Helping Our Kids Manage Expectations

By: AJ Hofstetter

From schoolwork to family relationships, sports, activities, jobs, the future, and their faith, how can we help our students manage the expectations on them? As we continue our conversation about teaching, parenting, and what it means to connect students with the God who has giant plans for them, it’s probably good to talk about expectations. 

Expectations are often closely tied to identity and how well our students manage them has a significant impact on how they view themselves and the God who made them. So how can we help them sort through the expectations in front of them? 

That really depends on the expectations we’re talking about. 

The Right Expectations

Some of the expectations that we have for our kids are legitimate. When we were kids, our parents expected us to respect boundaries and not torture our siblings or catch the wrong things on fire. Those of us who learned these boundaries and chose to meet them stayed out of more trouble than those of us who resisted. For our kids, it’s right for us to expect certain things from them. As they try to manage these right and good expectations, they’ll need our help and coaching. They’ll need encouragement when they do things right and encouragement when they do them wrong.

For school, it’s right to expect students to give it their all, to be assertive, and to show respect to their classmates and their teachers. It’s not right for us to expect them to never make mistakes on assignments or on tests. It’s good to expect them to work diligently and respond to instruction. The right expectations are discovered through training and coaching, through support from parents and teachers, and through a wisdom that comes from loving God. 

The Wrong Expectations

I lived a significant part of my life with a fear of disappointing people. When I was young, it meant that I did whatever I needed to do to keep people, especially my parents, happy. As I look back, I’m not sure that these expectations necessarily came from them; but I felt them nonetheless. Good grades. Christianity. Respect. My efforts in these weren’t driven by my desire for them so much as by my fear of disappointing the people who valued them. I was trying to please people and felt it was an expectation I had to meet. 

As I aged, this evolved into doing whatever I needed to do to please whoever I was with. I befriended the wrong people because I didn’t want to hurt their feelings. I made bad decisions because I felt like the situation I was in demanded it. I lived my life meeting the wrong expectations for the wrong people and the wrong reasons. Looking back, I realize I never truly had an understanding of the expectations that were right and the ones that were wrong. I just tried to meet all the expectations I felt…and meet them all at the same level with the same importance.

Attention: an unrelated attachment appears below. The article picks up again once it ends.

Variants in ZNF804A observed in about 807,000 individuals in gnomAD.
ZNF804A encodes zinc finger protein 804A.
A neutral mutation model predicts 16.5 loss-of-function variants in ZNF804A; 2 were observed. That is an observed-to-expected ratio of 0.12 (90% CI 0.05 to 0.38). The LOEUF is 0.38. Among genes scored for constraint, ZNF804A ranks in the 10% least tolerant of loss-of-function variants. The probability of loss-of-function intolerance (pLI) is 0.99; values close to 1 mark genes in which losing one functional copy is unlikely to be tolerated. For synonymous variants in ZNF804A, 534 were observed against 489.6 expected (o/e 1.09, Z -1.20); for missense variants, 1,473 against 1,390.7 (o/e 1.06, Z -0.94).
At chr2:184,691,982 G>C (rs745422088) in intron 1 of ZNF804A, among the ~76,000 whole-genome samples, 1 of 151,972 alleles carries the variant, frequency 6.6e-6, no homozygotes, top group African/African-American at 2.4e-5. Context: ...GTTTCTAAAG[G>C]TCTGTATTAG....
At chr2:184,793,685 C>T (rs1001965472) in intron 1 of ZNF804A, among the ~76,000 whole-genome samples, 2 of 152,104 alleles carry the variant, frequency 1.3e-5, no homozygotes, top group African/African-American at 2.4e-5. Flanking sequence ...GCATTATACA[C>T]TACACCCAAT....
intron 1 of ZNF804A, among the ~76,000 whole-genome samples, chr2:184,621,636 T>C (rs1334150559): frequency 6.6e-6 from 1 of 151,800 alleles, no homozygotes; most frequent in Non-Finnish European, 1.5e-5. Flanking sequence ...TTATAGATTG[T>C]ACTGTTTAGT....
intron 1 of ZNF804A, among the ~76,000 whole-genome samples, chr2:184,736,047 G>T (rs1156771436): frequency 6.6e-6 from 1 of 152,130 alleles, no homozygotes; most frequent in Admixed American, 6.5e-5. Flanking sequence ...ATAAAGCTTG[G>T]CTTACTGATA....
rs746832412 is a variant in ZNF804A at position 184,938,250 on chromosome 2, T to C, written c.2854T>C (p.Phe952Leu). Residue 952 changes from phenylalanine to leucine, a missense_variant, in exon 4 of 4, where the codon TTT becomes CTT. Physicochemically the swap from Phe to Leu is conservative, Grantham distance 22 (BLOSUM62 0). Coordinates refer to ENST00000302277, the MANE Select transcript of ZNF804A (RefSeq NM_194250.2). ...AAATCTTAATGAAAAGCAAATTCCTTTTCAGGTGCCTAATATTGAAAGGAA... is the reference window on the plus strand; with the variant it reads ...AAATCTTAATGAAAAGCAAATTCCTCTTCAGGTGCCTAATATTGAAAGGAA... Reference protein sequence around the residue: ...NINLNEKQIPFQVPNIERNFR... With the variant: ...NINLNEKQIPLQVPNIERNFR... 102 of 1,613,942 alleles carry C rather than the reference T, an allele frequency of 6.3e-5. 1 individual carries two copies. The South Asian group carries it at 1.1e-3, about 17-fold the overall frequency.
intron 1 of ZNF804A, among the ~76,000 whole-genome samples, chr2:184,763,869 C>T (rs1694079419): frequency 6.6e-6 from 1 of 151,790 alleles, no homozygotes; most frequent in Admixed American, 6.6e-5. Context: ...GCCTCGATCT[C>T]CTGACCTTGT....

Helping our kids identify the wrong expectations in their lives is the beginning of helping them build healthy boundaries for the rest of their lives. 

The Impossible Expectations

Perhaps this is simply another way to talk about perfectionism. The problem with perfectionism is that it’s Pass/Fail. Either you’ve met the expectation or you haven’t. Either you’ve performed or you’ve been a disappointment. Perfectionism is an impossible expectation placed on us, by ourselves or others, that isn’t based on a healthy or sustainable lifestyle. 

Perfect performance. Perfect attitude. A perfect relationship. Perfect faith. Perfect life. 

Ultimately, these impossible expectations aren’t met, and the true brokenness just below the surface is exposed. Exactly when that happens depends on the person and the situation, but the inevitable let down always happens. 


The right expectations are where our children will learn the boundaries that are essential for life. Our children should respect us and speak kindly. They should put genuine effort into everything they do and learn to think of others before themselves. They should learn to be faithful, humble, and quiet in even the most menial tasks of life. These are right and good and prepare them for good things to come.

Trying to meet the wrong expectations can lead our kids into dysfunctional, unhealthy lifestyles. For instance, codependent relationships are hard to identify for those who are in them but they are also detrimental to the person living in fear of disappointing someone. The more our kids learn to identify expectations that are toxic to their health, their faith, and their future, the more they’ll be equipped with wisdom for the rest of their lives. 

And the impossible expectations that our kids try to meet lead them to fear that they’ll never measure up. They lead our kids to believe that if they’re going to be acceptable, they have to perform, be perfect, and be good enough. Impossible expectations keep them chasing after impossible standards. 

Teaching our children about the expectations in front of them is about more than teaching them to perform or be afraid of failure. It’s about helping them discover which expectations are right, which are wrong, and which are outright impossible. And in that, we’re helping them connect with a God who has giant plans for them.